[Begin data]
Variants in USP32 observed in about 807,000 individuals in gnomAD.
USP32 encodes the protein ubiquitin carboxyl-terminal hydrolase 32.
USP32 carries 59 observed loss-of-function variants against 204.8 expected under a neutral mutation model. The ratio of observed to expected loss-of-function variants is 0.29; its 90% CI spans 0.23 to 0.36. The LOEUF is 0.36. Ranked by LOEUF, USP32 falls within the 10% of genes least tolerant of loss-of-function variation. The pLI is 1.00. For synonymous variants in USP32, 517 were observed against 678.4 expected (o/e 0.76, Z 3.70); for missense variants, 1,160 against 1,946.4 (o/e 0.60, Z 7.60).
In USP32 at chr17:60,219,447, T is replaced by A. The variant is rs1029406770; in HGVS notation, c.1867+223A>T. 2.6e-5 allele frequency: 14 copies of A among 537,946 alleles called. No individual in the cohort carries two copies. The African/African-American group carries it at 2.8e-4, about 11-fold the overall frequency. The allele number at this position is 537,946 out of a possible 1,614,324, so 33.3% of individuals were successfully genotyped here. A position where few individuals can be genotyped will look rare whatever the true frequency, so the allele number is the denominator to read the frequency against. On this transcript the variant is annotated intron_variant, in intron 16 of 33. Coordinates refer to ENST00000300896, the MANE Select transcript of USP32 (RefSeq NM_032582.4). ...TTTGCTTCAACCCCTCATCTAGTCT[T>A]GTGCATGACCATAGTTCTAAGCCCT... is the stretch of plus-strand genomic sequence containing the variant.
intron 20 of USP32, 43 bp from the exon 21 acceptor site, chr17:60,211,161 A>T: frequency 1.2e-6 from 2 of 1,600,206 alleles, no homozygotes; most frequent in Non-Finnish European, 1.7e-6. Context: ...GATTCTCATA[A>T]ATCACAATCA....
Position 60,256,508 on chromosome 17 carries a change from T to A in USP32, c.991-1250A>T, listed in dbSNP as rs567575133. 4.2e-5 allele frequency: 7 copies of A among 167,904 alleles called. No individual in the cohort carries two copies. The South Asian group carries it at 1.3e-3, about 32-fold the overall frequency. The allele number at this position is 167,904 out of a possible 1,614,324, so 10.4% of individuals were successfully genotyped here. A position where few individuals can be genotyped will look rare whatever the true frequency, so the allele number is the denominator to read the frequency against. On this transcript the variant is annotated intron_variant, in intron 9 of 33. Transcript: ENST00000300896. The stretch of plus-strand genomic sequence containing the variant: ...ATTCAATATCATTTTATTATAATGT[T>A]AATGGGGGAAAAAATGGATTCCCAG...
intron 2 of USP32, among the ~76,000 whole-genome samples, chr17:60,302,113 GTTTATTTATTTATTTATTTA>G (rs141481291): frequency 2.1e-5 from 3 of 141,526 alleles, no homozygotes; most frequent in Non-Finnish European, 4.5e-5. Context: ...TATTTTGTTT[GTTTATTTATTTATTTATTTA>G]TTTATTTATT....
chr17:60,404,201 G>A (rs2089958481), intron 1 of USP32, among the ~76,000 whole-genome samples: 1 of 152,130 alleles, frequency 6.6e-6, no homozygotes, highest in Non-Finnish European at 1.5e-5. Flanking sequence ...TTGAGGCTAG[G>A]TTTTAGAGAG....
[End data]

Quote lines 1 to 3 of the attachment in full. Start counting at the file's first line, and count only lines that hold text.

Variants in USP32 observed in about 807,000 individuals in gnomAD.
USP32 encodes the protein ubiquitin carboxyl-terminal hydrolase 32.
USP32 carries 59 observed loss-of-function variants against 204.8 expected under a neutral mutation model. The ratio of observed to expected loss-of-function variants is 0.29; its 90% CI spans 0.23 to 0.36. The LOEUF is 0.36. Ranked by LOEUF, USP32 falls within the 10% of genes least tolerant of loss-of-function variation. The pLI is 1.00. For synonymous variants in USP32, 517 were observed against 678.4 expected (o/e 0.76, Z 3.70); for missense variants, 1,160 against 1,946.4 (o/e 0.60, Z 7.60).